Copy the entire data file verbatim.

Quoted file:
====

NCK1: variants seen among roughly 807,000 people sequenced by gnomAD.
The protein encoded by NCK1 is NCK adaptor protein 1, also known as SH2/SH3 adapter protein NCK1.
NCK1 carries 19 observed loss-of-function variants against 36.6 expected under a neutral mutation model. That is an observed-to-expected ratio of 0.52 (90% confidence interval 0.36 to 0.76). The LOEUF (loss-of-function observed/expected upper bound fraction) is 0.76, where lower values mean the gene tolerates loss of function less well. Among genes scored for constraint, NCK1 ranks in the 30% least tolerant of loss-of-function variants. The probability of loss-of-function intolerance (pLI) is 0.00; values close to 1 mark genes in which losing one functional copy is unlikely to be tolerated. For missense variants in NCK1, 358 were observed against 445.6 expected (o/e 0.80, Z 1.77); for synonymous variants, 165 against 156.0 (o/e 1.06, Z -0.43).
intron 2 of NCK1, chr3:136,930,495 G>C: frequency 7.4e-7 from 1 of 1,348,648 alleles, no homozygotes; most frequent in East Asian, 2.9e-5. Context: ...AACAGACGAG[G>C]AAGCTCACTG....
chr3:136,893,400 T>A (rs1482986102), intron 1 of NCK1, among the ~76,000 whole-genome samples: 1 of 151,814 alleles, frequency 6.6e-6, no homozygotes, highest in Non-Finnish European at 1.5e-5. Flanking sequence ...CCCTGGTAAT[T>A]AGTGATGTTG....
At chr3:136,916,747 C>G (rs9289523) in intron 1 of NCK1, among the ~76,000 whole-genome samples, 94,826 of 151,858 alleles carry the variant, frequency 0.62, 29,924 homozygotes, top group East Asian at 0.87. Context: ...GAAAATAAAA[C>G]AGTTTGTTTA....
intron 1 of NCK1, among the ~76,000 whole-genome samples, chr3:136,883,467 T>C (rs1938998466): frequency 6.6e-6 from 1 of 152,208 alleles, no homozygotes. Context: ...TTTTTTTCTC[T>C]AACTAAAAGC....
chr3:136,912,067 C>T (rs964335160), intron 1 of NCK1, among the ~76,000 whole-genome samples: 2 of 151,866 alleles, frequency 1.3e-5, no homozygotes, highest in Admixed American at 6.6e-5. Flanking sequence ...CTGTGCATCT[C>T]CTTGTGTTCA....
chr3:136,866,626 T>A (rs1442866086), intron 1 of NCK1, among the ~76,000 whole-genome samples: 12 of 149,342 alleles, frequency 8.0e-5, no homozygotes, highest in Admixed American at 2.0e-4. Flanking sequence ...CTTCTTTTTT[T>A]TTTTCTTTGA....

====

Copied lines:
NCK1: variants seen among roughly 807,000 people sequenced by gnomAD.
The protein encoded by NCK1 is NCK adaptor protein 1, also known as SH2/SH3 adapter protein NCK1.
NCK1 carries 19 observed loss-of-function variants against 36.6 expected under a neutral mutation model. That is an observed-to-expected ratio of 0.52 (90% confidence interval 0.36 to 0.76). The LOEUF (loss-of-function observed/expected upper bound fraction) is 0.76, where lower values mean the gene tolerates loss of function less well. Among genes scored for constraint, NCK1 ranks in the 30% least tolerant of loss-of-function variants. The probability of loss-of-function intolerance (pLI) is 0.00; values close to 1 mark genes in which losing one functional copy is unlikely to be tolerated. For missense variants in NCK1, 358 were observed against 445.6 expected (o/e 0.80, Z 1.77); for synonymous variants, 165 against 156.0 (o/e 1.06, Z -0.43).
intron 2 of NCK1, chr3:136,930,495 G>C: frequency 7.4e-7 from 1 of 1,348,648 alleles, no homozygotes; most frequent in East Asian, 2.9e-5. Context: ...AACAGACGAG[G>C]AAGCTCACTG....
chr3:136,893,400 T>A (rs1482986102), intron 1 of NCK1, among the ~76,000 whole-genome samples: 1 of 151,814 alleles, frequency 6.6e-6, no homozygotes, highest in Non-Finnish European at 1.5e-5. Flanking sequence ...CCCTGGTAAT[T>A]AGTGATGTTG....
At chr3:136,916,747 C>G (rs9289523) in intron 1 of NCK1, among the ~76,000 whole-genome samples, 94,826 of 151,858 alleles carry the variant, frequency 0.62, 29,924 homozygotes, top group East Asian at 0.87. Context: ...GAAAATAAAA[C>G]AGTTTGTTTA....
intron 1 of NCK1, among the ~76,000 whole-genome samples, chr3:136,883,467 T>C (rs1938998466): frequency 6.6e-6 from 1 of 152,208 alleles, no homozygotes. Context: ...TTTTTTTCTC[T>C]AACTAAAAGC....
chr3:136,912,067 C>T (rs964335160), intron 1 of NCK1, among the ~76,000 whole-genome samples: 2 of 151,866 alleles, frequency 1.3e-5, no homozygotes, highest in Admixed American at 6.6e-5. Flanking sequence ...CTGTGCATCT[C>T]CTTGTGTTCA....
chr3:136,866,626 T>A (rs1442866086), intron 1 of NCK1, among the ~76,000 whole-genome samples: 12 of 149,342 alleles, frequency 8.0e-5, no homozygotes, highest in Admixed American at 2.0e-4. Flanking sequence ...CTTCTTTTTT[T>A]TTTTCTTTGA....